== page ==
Gaff, a wealthy midwestern businessman, had the house built as the primary residence for he and his wife, Zaidee. He had made his fortune in the distillery and heavy machinery businesses in Cincinnati, Ohio. Jules Henri de Sibour was a prominent architect for the famous and wealthy in Washington at the time, and would design homes that would eventually become residences of the ambassadors of France, Luxembourg, and Portugal.
Gaff had the architects design novel conveniences into the mansion's traditional aesthetic including a hot- air system for drying clothes, a trapdoor on his icehouse for direct delivery from the street, cork insulation for the wine cellar, and a movable wooden wall that close off the domed and sky lit Edwardian ballroom. The dining room was designed with Elizabethan wainscoting and a sideboard originating from an Italian monastery.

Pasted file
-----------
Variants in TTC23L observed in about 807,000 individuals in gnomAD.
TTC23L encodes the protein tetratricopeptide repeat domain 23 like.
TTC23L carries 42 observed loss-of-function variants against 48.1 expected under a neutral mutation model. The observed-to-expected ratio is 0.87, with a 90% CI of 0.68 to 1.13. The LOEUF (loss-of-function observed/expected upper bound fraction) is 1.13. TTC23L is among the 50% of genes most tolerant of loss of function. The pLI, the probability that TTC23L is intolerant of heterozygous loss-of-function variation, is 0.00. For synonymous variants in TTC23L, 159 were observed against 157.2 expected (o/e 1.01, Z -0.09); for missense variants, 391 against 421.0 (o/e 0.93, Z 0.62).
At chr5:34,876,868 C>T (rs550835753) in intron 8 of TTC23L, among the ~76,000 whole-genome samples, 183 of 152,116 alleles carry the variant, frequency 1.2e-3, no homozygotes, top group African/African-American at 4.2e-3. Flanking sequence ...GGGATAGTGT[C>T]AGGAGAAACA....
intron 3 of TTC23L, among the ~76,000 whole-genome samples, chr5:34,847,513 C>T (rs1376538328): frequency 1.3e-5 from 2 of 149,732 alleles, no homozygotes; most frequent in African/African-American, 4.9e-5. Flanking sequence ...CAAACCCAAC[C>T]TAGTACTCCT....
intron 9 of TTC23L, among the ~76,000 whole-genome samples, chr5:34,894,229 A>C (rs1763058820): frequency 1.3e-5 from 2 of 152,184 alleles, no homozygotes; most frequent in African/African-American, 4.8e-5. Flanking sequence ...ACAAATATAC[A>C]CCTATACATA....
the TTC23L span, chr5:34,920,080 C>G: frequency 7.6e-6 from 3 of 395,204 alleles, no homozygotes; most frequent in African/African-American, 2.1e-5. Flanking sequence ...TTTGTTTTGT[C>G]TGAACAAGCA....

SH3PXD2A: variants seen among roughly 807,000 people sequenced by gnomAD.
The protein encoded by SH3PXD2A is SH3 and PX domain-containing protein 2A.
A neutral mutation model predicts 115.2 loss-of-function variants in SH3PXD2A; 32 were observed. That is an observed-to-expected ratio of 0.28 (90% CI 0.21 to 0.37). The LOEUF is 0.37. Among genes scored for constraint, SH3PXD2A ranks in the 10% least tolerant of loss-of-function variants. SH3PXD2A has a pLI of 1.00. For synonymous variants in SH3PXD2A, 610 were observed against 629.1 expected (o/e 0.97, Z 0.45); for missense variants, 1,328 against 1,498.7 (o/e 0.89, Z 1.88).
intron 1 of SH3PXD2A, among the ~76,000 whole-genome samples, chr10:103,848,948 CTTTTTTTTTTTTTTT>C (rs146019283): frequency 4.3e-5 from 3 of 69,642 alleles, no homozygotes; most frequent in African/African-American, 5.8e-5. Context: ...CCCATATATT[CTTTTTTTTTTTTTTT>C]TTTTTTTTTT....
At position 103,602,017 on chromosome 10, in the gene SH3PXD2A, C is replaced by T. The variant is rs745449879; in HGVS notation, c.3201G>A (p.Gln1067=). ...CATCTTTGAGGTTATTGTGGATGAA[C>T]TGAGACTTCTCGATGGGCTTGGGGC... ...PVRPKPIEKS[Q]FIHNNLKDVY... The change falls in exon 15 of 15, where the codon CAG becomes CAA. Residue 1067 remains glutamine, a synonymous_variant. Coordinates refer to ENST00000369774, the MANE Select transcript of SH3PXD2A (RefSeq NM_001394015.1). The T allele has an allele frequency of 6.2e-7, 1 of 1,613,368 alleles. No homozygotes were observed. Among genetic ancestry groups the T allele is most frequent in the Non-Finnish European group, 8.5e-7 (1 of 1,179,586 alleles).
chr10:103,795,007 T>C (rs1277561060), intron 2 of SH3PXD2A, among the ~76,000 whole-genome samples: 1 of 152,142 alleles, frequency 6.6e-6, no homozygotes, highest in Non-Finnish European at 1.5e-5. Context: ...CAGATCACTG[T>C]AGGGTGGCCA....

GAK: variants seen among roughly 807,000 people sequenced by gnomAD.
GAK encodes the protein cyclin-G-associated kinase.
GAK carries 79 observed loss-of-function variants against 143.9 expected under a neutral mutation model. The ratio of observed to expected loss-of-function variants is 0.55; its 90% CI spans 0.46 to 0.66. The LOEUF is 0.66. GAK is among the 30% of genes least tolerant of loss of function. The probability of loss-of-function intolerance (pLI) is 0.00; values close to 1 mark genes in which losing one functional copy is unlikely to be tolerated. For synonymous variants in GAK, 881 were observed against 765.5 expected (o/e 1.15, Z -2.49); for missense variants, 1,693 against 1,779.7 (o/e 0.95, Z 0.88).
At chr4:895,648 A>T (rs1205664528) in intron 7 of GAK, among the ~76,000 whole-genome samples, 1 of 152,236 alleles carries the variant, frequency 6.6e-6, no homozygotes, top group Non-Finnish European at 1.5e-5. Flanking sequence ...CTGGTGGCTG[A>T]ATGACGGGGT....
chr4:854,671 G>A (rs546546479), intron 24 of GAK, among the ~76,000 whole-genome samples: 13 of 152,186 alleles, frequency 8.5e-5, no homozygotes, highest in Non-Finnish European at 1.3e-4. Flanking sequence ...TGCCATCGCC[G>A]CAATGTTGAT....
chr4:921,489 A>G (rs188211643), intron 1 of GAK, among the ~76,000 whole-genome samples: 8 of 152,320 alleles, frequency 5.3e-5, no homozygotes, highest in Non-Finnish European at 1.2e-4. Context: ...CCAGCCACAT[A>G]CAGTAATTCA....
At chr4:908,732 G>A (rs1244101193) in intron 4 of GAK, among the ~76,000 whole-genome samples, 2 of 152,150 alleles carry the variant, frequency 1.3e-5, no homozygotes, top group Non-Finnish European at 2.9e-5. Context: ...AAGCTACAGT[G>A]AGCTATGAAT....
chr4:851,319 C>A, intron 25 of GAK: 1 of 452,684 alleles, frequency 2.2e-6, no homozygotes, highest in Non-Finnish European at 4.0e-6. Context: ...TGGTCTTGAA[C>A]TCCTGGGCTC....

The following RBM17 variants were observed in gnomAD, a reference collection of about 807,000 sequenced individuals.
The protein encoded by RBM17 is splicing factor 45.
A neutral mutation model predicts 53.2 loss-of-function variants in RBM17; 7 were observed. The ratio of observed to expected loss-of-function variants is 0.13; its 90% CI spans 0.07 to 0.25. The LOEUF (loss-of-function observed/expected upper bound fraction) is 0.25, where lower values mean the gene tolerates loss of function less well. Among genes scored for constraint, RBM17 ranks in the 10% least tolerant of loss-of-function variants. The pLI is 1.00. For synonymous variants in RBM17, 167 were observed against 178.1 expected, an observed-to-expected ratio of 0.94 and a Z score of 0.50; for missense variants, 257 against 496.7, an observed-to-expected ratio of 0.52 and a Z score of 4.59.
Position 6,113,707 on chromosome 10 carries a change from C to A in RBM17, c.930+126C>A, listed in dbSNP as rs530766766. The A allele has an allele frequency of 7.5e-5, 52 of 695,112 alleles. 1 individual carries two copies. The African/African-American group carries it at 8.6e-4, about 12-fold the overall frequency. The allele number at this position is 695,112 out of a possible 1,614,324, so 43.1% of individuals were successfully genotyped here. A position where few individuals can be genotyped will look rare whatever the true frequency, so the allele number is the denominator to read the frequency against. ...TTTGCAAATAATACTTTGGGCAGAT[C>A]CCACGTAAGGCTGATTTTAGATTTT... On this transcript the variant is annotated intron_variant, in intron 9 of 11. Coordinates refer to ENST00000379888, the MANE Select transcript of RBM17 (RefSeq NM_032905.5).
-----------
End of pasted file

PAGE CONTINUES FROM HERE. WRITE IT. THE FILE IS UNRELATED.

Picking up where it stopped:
Following the short occupation of the house by the Gaff family, they leased it to several prominent Washingtonians, including President Calvin Coolidge's Secretary of War, Dwight F. Davis, and to the governments of Greece and Colombia. The Colombian government purchased the house in 1944 from Thomas Gaff's daughter, Mrs. Carey D. Langhorne, who lived next door on Q Street at the time. Since then, it has served as the official residence for the Colombian Ambassador to the United States.